Labour abstained from the vote (Leon Neal/Getty Images)

Alex Charilaou is a former Canterbury constituent who campaigned for Duffield in 2017.

Her election was a historic moment – it represented the first time in 160 years a Labour candidate had won the seat.

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Like most grassroots members, Alex, now Labour Students’ trans officer and co-chair of Labour for Trans Rights, thought Duffield was a good prospect for the party at the time – but everything changed when she made her views on trans people public. 

“I never actually met Rosie but my impression was she was a soft left MP, she had done great work on domestic violence,” Alex says.

“My impression between 2017 and 2019 was that she was a principled feminist politician.”

Alex believes the situation with Duffield is “getting worse and worse”. And with Starmer appearing to row back on his previous unequivocal support for trans rights – coming out against Scotland’s gender recognition reforms – it feels as though walls are going up.

Alex Charilaou at a trans rights protest. They are pictured with people in the background holding placards that read "trans rights now".
Alex Charilaou at a trans rights protest. (Supplied)

“Doing trans organising for the Labour Party at the moment feels like banging your head off a brick wall,” Alex says.

“The Labour leadership will not speak to trans activists in the party. They’ve denied our requests to have a meeting with Starmer to talk about his Mumsnet interview and the continued problem of Rosie Duffield.

“There’s been absolutely no willingness on the part of the leadership to engage at all on trans rights.” 

As far as Alex sees it, it’s long past time for Duffield to be kicked out of the Labour Party.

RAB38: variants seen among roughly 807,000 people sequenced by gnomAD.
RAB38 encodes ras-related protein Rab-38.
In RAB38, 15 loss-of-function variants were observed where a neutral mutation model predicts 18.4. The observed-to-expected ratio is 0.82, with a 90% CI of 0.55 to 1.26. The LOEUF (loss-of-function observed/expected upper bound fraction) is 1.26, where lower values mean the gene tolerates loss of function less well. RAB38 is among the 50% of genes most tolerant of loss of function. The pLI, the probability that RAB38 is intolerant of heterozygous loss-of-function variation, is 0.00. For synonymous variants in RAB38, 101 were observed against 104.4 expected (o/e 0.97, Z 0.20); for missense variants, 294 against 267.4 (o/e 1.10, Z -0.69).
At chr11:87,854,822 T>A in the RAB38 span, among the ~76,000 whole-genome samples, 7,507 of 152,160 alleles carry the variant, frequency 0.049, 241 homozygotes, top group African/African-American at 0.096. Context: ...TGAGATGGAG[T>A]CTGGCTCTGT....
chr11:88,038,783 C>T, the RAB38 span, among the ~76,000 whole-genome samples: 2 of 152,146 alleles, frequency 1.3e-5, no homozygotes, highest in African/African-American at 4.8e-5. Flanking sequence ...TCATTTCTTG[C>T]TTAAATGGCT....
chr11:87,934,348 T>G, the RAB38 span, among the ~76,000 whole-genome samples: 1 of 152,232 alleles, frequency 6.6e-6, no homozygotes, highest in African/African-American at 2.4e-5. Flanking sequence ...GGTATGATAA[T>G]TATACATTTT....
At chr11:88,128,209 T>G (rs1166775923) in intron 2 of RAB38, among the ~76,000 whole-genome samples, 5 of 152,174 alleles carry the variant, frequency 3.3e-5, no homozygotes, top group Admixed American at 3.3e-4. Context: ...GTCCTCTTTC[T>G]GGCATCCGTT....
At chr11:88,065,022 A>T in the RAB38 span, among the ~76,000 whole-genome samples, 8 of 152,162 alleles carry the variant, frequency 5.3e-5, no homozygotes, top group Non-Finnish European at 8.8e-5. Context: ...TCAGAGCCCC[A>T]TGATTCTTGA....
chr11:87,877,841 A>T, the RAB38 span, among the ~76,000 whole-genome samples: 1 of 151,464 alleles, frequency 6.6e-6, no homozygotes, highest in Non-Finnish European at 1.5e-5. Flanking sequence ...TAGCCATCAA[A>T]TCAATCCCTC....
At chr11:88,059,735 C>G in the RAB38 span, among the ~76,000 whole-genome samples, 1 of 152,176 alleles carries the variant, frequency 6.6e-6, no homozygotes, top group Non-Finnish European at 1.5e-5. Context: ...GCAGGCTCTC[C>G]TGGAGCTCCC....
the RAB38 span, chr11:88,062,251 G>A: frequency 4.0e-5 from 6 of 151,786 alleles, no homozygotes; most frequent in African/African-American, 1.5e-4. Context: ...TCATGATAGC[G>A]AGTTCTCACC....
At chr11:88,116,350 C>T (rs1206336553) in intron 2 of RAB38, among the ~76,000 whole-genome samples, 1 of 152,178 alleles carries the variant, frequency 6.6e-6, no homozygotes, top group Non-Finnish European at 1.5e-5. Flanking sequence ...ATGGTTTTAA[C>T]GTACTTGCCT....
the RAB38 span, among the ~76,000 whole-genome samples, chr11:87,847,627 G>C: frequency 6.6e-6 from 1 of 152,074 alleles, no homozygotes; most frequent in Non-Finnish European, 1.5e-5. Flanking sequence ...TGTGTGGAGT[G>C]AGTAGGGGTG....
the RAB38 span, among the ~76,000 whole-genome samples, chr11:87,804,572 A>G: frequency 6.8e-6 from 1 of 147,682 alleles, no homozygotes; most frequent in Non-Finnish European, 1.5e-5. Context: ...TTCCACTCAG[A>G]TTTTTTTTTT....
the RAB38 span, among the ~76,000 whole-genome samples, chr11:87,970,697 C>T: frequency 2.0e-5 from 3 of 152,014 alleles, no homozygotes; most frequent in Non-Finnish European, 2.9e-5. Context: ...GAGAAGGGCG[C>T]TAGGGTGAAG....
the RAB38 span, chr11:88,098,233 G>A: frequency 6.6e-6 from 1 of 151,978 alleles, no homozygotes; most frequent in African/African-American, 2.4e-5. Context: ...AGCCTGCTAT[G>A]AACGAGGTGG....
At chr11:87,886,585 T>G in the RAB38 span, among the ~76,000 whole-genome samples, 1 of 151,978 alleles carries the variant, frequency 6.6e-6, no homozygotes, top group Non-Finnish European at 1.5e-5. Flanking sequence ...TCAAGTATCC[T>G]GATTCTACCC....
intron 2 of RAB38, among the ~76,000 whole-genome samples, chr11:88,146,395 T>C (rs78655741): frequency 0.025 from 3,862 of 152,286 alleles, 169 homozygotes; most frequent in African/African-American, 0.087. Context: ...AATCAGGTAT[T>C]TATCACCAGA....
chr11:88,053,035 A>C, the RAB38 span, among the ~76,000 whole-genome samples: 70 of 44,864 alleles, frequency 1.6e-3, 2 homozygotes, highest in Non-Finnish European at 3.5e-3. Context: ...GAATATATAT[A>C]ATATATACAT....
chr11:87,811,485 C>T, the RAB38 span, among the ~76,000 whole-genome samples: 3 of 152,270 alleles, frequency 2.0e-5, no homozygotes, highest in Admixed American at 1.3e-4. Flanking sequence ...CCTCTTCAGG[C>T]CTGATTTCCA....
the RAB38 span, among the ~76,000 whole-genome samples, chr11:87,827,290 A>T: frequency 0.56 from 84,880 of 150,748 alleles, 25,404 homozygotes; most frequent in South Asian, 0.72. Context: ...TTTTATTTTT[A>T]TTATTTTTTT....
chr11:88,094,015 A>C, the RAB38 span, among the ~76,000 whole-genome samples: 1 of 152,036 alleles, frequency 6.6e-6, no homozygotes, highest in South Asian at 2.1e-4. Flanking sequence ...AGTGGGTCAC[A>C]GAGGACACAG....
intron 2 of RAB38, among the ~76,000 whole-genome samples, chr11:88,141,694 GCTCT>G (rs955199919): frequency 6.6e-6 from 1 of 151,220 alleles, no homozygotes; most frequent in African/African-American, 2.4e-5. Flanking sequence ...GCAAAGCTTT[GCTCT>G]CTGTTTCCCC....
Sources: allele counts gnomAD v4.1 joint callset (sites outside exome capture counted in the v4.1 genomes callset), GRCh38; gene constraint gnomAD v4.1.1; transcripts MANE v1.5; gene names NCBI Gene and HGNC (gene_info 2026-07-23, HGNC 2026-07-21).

“She shouldn’t have been in the party about two years ago. It’s just indefensible.”

Alex hopes Starmer and others at the highest echelons of the Labour Party will see that they’re alienating an entire cohort of current and future voters by refusing to stand up for the trans community.

“As well as it being complete moral cowardice on the part of Keir Starmer, it’s so short sighted.

Trans rights activists march through central London after a protest outside Downing Street on 21 January 2023.
Trans rights activists march through central London after a protest outside Downing Street on 21 January 2023. (Mark Kerrison/In Pictures via Getty)

“I was at a trans protest this week in London at Downing Street and it was overwhelmingly young people. That’s Labour’s electorate going into the next election and going into elections for decades to come.

“Is Keir Starmer really willing to alienate whole swathes of the British electorate just to play at this culture war with the Tories? 

“I don’t think that’s going to end well.”

PinkNews has contacted the Labour Party and Rosie Duffield for comment. No response had been received by time of publication.

Duffield has repeatedly denied accusations that she is “transphobic”.

She previously branded backlash against her views as a “tedious Communist pile-on”.